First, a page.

Forage yield (rating):


Forage yield:

Yields a lower quantity of forage than alfalfa, but of a higher quality longer into the growing season. Birdsfoot trefoil retains its quality longer into later maturity stages because of better leaf retention and indeterminate growth (i.e., response to current season’s growing conditions).

Palatability/Nutritional Value:

Very palatable and non-bloating for ruminants. Crude protein at full bloom is about 9%.

Longevity (rating):



In pasture situations, stands may be productive for 2 to 4 years; however, some individual plants can be long lived.

Persistence (rating):



Persistence depends on crown survival. Snow cover improves winter survival. Stand persistence is improved by building up a seed bank or letting the forage set seed every couple of years. Birdsfoot trefoil has persisted for as long as 18 years in a mixed pasture in the Peace River region.

Invasiveness (rating):



Not considered invasive in British Columbia, but is considered weedy or invasive in some regions of the United States.

Competitiveness (rating):



May be more competitive under adverse conditions such as acidity or low fertility.

Erosion control (rating):


Erosion control:

Has limited use for controlling erosion, but is well suited to grow on poor soils.

Drought tolerance (rating):


Drought tolerance:

Has fair drought tolerance, because of its deep taproot.

Winter hardiness (rating):


Winter hardiness:

Winter survival is improved by deep snow cover and adequate rest before frost.

Soil texture preference (rating):


Soil texture preference:

Adapted to moist sandy loam to clay soils. Adapted to waterlogged soils or conditions of poor fertility.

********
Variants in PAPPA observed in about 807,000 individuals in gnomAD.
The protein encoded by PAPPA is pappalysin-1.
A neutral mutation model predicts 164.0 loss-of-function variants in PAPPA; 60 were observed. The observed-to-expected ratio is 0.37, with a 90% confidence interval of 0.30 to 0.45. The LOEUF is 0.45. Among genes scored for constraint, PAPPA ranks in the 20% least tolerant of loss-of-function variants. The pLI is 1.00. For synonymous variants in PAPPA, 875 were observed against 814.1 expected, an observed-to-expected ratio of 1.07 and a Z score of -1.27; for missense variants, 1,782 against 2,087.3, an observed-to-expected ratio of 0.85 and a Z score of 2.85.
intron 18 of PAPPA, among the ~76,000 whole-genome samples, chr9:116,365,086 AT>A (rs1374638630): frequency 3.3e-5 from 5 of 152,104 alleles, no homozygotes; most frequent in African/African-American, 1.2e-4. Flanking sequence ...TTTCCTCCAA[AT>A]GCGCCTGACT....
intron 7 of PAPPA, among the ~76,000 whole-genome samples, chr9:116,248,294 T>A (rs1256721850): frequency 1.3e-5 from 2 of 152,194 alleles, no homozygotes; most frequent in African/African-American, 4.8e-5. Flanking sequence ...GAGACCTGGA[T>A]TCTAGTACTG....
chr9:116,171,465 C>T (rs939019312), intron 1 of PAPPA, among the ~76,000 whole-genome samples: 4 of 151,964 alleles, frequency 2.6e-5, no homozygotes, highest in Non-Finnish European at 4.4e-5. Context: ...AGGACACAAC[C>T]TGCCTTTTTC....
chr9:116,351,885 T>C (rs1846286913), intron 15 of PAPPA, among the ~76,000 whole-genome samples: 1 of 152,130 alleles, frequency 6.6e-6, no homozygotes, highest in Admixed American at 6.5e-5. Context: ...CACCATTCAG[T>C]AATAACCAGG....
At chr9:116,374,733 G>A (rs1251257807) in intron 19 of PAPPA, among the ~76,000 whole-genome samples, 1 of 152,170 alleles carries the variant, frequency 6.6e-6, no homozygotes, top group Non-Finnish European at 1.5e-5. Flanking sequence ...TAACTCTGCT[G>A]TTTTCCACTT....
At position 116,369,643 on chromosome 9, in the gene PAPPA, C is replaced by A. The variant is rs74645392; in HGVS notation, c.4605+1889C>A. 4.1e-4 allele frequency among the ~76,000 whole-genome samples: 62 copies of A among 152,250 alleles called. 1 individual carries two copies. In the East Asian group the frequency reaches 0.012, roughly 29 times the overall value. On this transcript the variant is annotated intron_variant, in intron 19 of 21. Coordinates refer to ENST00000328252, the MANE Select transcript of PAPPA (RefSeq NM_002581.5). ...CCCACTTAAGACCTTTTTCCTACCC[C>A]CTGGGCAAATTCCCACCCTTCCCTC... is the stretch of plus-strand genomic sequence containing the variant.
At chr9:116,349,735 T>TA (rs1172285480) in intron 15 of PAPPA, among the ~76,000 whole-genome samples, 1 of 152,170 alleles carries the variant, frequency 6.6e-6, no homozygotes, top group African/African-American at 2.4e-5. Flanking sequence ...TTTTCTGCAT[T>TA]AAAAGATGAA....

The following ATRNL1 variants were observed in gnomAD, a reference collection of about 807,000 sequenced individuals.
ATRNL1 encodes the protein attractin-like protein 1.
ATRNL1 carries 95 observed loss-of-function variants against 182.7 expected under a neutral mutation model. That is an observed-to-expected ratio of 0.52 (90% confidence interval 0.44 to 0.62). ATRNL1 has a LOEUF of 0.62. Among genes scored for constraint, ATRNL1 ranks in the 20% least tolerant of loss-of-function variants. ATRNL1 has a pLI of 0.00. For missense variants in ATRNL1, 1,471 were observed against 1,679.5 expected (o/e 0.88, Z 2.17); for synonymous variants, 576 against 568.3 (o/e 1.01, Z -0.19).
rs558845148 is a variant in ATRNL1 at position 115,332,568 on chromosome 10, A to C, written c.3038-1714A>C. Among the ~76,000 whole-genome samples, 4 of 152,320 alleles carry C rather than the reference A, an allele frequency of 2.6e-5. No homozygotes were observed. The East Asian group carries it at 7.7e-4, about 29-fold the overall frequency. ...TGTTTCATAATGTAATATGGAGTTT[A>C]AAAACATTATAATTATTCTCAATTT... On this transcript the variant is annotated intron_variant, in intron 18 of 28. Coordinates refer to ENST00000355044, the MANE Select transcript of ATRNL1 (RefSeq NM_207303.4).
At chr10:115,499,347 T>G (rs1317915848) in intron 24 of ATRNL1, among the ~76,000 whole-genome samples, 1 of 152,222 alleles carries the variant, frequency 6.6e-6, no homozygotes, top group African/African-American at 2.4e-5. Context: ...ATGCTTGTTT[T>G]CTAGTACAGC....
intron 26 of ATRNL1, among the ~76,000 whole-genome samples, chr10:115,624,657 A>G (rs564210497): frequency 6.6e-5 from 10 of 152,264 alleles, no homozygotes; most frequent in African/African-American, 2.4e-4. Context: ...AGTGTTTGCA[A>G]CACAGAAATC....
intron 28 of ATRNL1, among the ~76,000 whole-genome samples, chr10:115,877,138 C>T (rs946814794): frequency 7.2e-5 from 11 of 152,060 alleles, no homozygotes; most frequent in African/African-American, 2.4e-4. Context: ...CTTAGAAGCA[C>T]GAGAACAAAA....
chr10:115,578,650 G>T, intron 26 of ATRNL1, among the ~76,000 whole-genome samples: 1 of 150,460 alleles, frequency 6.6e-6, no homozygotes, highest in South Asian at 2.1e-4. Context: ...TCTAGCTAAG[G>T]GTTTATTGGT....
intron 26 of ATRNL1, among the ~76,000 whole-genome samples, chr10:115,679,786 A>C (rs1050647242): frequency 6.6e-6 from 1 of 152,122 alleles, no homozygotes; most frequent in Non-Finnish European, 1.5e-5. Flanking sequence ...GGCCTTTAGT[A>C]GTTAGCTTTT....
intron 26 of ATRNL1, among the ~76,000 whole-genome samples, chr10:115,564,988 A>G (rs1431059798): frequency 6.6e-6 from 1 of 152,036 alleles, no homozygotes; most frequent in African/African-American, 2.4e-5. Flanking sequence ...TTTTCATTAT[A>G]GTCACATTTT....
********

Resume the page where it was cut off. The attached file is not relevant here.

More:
Flooding tolerance (rating):


Flooding tolerance:

Can tolerate up to 4 weeks of flooding, and tolerate wet soils throughout the year.

Salinity tolerance (rating):


Salinity tolerance:

Has good tolerance to salinity.

Acidity tolerance (rating):


Acidity tolerance:

Can tolerate soils with pH as low as 5.0, but it is more productive with pH 6.0 to 6.5.

Shade tolerance :


Ease of establishment (rating):


Ease of establishment:

Birdsfoot trefoil can be slow to establish. Seedlings can have weak roots that are sensitive to shade.

Application requirements:

Seed 1/4 inch in depth or less due to small seed size. Apply seed without a cover crop as birdsfoot trefoil seedlings are poor competitors.

Suggested mixtures:

Best seeded alone, or with less competitive or lower growing grasses (e.g., timothy) and legumes.

Management Considerations:

Inoculate seed to enhance nitrogen production. To improve establishment and longevity, do not graze or cut before full bloom in the first year of establishment. Leave 7 or 8 cm (3 in.) stubble after grazing. Do not graze too early in spring or in late summer, 6 weeks before first frost, and allow to set seed every 2 to 3 years. Birdsfoot trefoil is a great species choice to improve soil conditions without causing bloat in grazing livestock.